Patricia de Lille’s new party Good will be contesting the elections. Picture: Nhlanhla Phillips/African News Agency (ANA)

Cape Town - Parties that wish to contest this year’s national elections will have to fork out a deposit of R200 000 and pay and additional R45 000 to participate at a provincial level - before the elections in May.

The Independent Electoral Commission said on Friday it had approved the amounts after proposed figures were published for public comment in October.

“While there is no deadline for party registration for participation in an election, political parties which have not yet submitted a registration application to the Electoral Commission are unlikely to meet all the requirements for registration in time to contest this year’s elections,” it said.

The approved deposit amount remains unchanged and is the same as that proposed in 2014.

So far, 285 parties have registered and 36 more applications are under consideration.

Recently, former Cape Town mayor and leading DA member Patricia de Lille announced that her new party, Good, would be contesting the elections, while former SABC executive Hlaudi Motsoeneng launched his party, the African Content Movement, in December.

Some parties are pushing President Cyril Ramaphosa to sign the Political Party Funding Bill into law. It requires parties to disclose who funds them. The Bill was passed by Parliament last year.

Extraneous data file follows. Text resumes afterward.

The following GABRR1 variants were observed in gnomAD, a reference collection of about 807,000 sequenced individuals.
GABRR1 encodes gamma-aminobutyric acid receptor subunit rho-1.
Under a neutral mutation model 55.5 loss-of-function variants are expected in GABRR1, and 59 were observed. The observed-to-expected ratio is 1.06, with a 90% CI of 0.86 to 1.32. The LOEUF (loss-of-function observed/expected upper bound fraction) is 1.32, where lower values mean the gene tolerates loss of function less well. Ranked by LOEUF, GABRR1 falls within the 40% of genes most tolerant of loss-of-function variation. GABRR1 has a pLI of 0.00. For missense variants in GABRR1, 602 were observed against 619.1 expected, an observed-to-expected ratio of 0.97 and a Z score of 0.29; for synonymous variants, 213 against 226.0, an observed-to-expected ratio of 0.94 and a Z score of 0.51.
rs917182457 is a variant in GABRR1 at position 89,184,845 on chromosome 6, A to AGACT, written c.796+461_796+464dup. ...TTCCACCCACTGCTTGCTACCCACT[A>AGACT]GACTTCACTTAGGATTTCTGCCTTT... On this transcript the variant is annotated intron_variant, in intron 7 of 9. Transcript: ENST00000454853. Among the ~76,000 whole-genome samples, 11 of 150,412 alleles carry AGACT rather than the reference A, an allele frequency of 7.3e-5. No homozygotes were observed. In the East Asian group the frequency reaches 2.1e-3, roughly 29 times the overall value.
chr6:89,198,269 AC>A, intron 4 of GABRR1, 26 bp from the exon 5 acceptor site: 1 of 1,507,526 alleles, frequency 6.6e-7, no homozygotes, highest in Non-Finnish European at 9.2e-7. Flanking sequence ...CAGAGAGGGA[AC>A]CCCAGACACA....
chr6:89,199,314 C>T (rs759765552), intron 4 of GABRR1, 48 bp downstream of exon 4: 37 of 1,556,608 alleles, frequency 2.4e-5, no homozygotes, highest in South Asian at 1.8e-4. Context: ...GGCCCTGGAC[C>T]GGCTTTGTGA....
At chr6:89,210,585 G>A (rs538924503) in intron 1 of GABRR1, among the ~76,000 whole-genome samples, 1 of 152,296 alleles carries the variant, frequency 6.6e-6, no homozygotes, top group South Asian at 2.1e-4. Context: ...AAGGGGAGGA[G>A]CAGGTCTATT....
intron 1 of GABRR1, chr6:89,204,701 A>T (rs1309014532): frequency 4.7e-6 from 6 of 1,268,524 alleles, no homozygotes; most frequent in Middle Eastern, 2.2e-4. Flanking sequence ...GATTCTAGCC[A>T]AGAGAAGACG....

Meanwhile, the deposits are not the only expenses parties may find themselves paying out.

Parties that breach the IEC’s electoral code may be fined up to R200000 or be compelled to relinquish their deposit, have their registration cancelled or even have their votes in an area withdrawn.

The ANC said it had laid a formal complaint with the IEC regarding the DA’s conduct which it described as flying in the face of the electoral code of conduct. The skirmish between the two parties this week has been over a DA campaign billboard.

The opposition party unveiled the billboard in Johannesburg. It listed the names of the victims of the Marikana massacre, Life Esidimeni tragedy and children who died in pit latrines.

The DA has since received wide criticism from ordinary South Africans and political parties. But it has maintained that it stands by its controversial poster titled: “The ANC is killing us”.

DA national spokesperson Solly Malatsi said: “We are still of the strong view that the message on the billboard is the hard truth - that the ANC killed people at Marikana and Life Esidimeni.

“The billboard is compliant with the electoral code of conduct and we will meet the ANC at the IEC. We are not shaken by their complaint”.

When asked whether the families of the victims were consulted before their names were put on the billboard, Malatsi said there was no need for such consultation.

“The names have been a matter of public record from as early as Marikana and Life Esidimeni occurred, the names have been published in both print and social media, even government reports.

“What the DA did was to reproduce public information, that is already in the public domain, to highlight the tragic loss of life that was at the hand of the ANC government,” said Malatsi.

On Thursday, people believed to be relatives of the victims, vandalised the billboard, saying that it was insensitive to those grieving the loss of family members.

Malatsi said those who vandalised the billboard would be dealt with in accordance with the law.

“With regards to the individuals who committed an act of crime by vandalising the billboard, it was an insult to the memory of those South Africans we are paying tribute to.

“We hope that law enforcement in Johannesburg will do their job to identify and apprehend those individuals so that the law can take its course,” said Malatsi.

Political Bureau